Kent Shafer said if he's elected to an at-large seat on Delaware City Council, he'll know which two areas he'll always keep in focus.

Kent Shafer said if he's elected to an at-large seat on Delaware City Council, he'll know which two areas he'll always keep in focus.

"The two things that I think everyone expects city government to do are to be a good steward of tax money and to provide the best services possible," he said. "I think we need officials who are good problem-solvers and good communicators who have a proven track record of doing those things."

As a former police commander who retired in 2012 from the Columbus Division of Police after more than 33 years of service, Shafer said he proved his skills while he led groups of as many as 250 officers, managed department budgets in excess of $200 million and worked with labor unions and various government agencies.

Shafer is one of seven candidates vying for the three open at-large seats. The others are George Hellinger, Rob Hoffman, Teri Owens, Terrie Price, Jeff Rike and incumbent Carolyn Riggle. Mayor Gary Milner and Vice Mayor Windell Wheeler are not running for their council seats.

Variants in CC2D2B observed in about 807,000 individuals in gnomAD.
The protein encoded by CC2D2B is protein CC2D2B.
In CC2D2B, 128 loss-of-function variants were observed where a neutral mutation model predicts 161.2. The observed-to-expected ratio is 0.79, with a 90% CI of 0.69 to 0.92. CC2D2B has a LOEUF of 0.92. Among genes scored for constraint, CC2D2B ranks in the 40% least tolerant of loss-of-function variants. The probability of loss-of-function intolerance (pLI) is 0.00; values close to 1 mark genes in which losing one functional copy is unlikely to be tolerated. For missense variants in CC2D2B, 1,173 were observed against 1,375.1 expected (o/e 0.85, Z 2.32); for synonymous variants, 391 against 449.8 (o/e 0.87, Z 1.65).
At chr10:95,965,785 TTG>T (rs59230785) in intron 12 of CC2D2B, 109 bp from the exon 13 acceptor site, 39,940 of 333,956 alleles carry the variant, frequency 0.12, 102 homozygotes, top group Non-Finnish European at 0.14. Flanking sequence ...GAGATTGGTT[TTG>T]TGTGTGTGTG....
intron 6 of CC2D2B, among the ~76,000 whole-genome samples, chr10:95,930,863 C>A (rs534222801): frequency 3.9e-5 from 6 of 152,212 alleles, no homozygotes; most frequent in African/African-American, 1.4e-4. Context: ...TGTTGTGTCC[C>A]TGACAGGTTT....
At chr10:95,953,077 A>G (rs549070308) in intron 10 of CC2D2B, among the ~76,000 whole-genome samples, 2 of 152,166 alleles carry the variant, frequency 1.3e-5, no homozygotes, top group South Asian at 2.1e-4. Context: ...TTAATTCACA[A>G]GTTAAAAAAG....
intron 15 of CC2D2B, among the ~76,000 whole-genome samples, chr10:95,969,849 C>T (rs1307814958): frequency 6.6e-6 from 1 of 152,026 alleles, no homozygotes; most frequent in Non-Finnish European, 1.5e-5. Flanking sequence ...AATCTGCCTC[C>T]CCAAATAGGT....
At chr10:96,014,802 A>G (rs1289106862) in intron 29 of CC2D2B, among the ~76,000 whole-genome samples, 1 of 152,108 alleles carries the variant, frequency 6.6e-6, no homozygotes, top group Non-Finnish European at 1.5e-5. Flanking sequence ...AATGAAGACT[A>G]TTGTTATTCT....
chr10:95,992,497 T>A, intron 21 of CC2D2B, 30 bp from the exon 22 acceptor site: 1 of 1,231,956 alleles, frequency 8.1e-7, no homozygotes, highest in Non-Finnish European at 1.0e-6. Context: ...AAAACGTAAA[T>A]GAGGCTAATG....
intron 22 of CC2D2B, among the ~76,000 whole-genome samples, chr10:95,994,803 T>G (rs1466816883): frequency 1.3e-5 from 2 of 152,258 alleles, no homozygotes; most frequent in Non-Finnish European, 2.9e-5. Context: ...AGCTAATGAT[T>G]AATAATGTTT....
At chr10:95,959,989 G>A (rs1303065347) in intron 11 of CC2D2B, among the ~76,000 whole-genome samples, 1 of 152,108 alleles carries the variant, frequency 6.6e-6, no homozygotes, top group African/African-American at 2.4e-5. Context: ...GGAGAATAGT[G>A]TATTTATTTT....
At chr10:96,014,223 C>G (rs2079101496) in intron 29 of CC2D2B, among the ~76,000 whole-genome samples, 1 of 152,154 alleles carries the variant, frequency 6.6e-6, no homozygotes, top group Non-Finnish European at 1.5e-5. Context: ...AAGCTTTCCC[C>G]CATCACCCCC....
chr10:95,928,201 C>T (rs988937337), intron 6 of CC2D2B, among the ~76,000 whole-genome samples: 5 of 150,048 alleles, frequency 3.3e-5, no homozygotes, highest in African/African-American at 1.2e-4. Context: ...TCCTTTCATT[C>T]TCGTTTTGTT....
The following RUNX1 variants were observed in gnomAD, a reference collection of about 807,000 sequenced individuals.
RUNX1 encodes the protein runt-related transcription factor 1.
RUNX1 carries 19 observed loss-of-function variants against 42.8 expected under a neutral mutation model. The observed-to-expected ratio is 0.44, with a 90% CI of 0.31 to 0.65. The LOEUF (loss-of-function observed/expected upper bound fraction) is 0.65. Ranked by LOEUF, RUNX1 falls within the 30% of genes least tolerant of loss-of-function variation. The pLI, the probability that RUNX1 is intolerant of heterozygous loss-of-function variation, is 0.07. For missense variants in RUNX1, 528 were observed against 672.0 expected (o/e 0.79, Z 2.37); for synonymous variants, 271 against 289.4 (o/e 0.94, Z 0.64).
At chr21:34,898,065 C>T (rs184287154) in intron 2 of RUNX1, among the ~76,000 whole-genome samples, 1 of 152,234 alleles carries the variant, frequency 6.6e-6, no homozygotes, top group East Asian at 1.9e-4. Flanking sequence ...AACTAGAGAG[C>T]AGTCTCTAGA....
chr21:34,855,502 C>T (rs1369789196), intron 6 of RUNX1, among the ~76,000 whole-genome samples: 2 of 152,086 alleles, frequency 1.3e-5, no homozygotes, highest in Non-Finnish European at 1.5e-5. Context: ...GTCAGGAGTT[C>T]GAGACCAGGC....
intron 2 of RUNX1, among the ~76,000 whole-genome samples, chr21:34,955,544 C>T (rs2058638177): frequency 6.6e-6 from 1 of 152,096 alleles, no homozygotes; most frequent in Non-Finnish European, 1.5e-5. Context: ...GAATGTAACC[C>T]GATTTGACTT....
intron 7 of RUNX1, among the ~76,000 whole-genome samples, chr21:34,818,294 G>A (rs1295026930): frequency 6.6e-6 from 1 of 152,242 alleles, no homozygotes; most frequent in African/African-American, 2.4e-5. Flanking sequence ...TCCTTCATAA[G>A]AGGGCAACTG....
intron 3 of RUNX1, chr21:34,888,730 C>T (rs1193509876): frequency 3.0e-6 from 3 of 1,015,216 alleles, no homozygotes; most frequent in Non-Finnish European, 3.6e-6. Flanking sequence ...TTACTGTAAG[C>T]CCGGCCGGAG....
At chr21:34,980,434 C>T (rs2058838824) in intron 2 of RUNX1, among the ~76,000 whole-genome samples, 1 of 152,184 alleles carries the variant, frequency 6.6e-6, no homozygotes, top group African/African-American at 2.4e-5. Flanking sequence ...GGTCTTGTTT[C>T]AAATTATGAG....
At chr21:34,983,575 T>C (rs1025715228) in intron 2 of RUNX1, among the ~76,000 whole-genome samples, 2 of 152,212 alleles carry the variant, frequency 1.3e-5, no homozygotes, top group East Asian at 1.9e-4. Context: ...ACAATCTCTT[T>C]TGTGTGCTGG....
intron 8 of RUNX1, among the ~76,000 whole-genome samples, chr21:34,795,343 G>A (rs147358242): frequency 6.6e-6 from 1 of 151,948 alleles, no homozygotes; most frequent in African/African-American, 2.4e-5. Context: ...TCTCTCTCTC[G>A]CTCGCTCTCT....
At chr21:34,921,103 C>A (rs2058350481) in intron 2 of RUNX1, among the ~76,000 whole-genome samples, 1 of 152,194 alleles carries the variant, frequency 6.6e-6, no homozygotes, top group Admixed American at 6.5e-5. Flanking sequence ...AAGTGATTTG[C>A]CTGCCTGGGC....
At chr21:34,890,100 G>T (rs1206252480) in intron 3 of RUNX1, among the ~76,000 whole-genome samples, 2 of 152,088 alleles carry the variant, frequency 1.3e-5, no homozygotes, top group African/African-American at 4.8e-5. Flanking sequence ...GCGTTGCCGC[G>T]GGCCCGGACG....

Shafer said areas that need attention in Delaware are downtown parking and the proposed Sawmill Parkway extension.

"As our downtown continues to grow and becomes more and more vibrant, instead of us going to Columbus, people in Columbus are coming here," he said. "With all that business, we have traffic and parking issues."

To build a long-term parking plan, Shafer said he would call on city business owners, residents and safety leaders to form an advisory committee.

If he is elected Nov. 5, Shafer said he also would work to facilitate a better deal with Delaware County commissioners to ensure Sawmill Parkway's extension comes to fruition sooner rather than later.

He said he'd also spend time meeting with every city department leader to learn what they do, how they do it and what ways they would improve their department and the city.

Shafer said it's important to him that city stakeholders and residents are a part of any problem-solving process.

"When I go door to door, I hear a lot about what goes on in Washington, and the reality is most of us really can't do much about what goes on there -- but local politics is a place where you really can make a difference," he said. "People should expect to be able to get involved in issues. They should expect elected officials to be accessible to them and to take their concerns and ideas and do something about them.

"I will always make myself available for people to come see me and talk to me."

Shafer, 59, currently is a member of his neighborhood's homeowners association advisory board and has been the president of the Village Academy Athletic Boosters since 2008.

He has lived in Delaware for 10 years and has two children.

To learn more about Shafer and his campaign, visit